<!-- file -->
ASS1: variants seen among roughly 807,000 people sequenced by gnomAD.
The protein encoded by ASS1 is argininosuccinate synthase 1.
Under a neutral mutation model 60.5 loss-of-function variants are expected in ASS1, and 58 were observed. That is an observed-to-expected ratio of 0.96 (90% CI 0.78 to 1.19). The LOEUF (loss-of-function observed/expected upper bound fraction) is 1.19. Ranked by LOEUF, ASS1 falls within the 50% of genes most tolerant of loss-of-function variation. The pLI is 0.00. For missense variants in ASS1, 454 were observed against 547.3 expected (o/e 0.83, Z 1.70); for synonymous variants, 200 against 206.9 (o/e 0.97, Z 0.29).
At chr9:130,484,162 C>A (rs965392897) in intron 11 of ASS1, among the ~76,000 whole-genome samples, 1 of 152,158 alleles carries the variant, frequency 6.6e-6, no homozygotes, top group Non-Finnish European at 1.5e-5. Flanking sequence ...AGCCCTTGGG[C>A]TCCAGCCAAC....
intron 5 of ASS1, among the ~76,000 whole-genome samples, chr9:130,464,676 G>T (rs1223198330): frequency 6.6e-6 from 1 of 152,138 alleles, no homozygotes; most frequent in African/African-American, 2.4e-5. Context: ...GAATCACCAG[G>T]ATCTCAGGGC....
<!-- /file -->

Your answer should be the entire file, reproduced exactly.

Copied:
ASS1: variants seen among roughly 807,000 people sequenced by gnomAD.
The protein encoded by ASS1 is argininosuccinate synthase 1.
Under a neutral mutation model 60.5 loss-of-function variants are expected in ASS1, and 58 were observed. That is an observed-to-expected ratio of 0.96 (90% CI 0.78 to 1.19). The LOEUF (loss-of-function observed/expected upper bound fraction) is 1.19. Ranked by LOEUF, ASS1 falls within the 50% of genes most tolerant of loss-of-function variation. The pLI is 0.00. For missense variants in ASS1, 454 were observed against 547.3 expected (o/e 0.83, Z 1.70); for synonymous variants, 200 against 206.9 (o/e 0.97, Z 0.29).
At chr9:130,484,162 C>A (rs965392897) in intron 11 of ASS1, among the ~76,000 whole-genome samples, 1 of 152,158 alleles carries the variant, frequency 6.6e-6, no homozygotes, top group Non-Finnish European at 1.5e-5. Flanking sequence ...AGCCCTTGGG[C>A]TCCAGCCAAC....
intron 5 of ASS1, among the ~76,000 whole-genome samples, chr9:130,464,676 G>T (rs1223198330): frequency 6.6e-6 from 1 of 152,138 alleles, no homozygotes; most frequent in African/African-American, 2.4e-5. Context: ...GAATCACCAG[G>T]ATCTCAGGGC....